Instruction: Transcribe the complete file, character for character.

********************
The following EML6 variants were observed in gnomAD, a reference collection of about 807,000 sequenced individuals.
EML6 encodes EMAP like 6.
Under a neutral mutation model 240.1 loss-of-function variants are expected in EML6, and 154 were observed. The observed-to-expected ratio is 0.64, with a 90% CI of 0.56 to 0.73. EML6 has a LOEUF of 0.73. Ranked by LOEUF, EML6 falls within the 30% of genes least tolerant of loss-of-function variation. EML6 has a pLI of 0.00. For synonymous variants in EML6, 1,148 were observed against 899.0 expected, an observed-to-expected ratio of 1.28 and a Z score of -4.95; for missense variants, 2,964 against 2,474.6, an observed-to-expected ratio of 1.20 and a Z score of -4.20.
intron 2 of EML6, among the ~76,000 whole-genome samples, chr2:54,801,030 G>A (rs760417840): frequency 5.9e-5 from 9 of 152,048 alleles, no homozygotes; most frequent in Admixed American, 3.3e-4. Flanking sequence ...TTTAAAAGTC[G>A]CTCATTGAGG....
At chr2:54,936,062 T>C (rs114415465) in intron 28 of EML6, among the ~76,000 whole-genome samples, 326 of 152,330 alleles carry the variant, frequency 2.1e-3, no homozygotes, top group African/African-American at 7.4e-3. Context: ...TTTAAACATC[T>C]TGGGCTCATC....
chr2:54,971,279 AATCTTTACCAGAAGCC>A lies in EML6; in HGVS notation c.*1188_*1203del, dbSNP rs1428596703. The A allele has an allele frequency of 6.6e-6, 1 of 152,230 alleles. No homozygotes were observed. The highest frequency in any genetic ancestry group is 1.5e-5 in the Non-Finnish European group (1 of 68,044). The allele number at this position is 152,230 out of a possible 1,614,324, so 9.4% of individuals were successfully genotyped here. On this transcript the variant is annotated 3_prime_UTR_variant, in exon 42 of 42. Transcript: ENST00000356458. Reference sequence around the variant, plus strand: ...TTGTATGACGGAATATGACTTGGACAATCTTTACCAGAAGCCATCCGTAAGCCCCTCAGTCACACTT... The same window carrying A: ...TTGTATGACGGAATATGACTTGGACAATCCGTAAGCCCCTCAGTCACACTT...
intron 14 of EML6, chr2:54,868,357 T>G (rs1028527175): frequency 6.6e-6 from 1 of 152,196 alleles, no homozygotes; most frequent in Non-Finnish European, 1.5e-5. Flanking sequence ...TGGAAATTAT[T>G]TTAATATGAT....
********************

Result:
The following EML6 variants were observed in gnomAD, a reference collection of about 807,000 sequenced individuals.
EML6 encodes EMAP like 6.
Under a neutral mutation model 240.1 loss-of-function variants are expected in EML6, and 154 were observed. The observed-to-expected ratio is 0.64, with a 90% CI of 0.56 to 0.73. EML6 has a LOEUF of 0.73. Ranked by LOEUF, EML6 falls within the 30% of genes least tolerant of loss-of-function variation. EML6 has a pLI of 0.00. For synonymous variants in EML6, 1,148 were observed against 899.0 expected, an observed-to-expected ratio of 1.28 and a Z score of -4.95; for missense variants, 2,964 against 2,474.6, an observed-to-expected ratio of 1.20 and a Z score of -4.20.
intron 2 of EML6, among the ~76,000 whole-genome samples, chr2:54,801,030 G>A (rs760417840): frequency 5.9e-5 from 9 of 152,048 alleles, no homozygotes; most frequent in Admixed American, 3.3e-4. Flanking sequence ...TTTAAAAGTC[G>A]CTCATTGAGG....
At chr2:54,936,062 T>C (rs114415465) in intron 28 of EML6, among the ~76,000 whole-genome samples, 326 of 152,330 alleles carry the variant, frequency 2.1e-3, no homozygotes, top group African/African-American at 7.4e-3. Context: ...TTTAAACATC[T>C]TGGGCTCATC....
chr2:54,971,279 AATCTTTACCAGAAGCC>A lies in EML6; in HGVS notation c.*1188_*1203del, dbSNP rs1428596703. The A allele has an allele frequency of 6.6e-6, 1 of 152,230 alleles. No homozygotes were observed. The highest frequency in any genetic ancestry group is 1.5e-5 in the Non-Finnish European group (1 of 68,044). The allele number at this position is 152,230 out of a possible 1,614,324, so 9.4% of individuals were successfully genotyped here. On this transcript the variant is annotated 3_prime_UTR_variant, in exon 42 of 42. Transcript: ENST00000356458. Reference sequence around the variant, plus strand: ...TTGTATGACGGAATATGACTTGGACAATCTTTACCAGAAGCCATCCGTAAGCCCCTCAGTCACACTT... The same window carrying A: ...TTGTATGACGGAATATGACTTGGACAATCCGTAAGCCCCTCAGTCACACTT...
intron 14 of EML6, chr2:54,868,357 T>G (rs1028527175): frequency 6.6e-6 from 1 of 152,196 alleles, no homozygotes; most frequent in Non-Finnish European, 1.5e-5. Flanking sequence ...TGGAAATTAT[T>G]TTAATATGAT....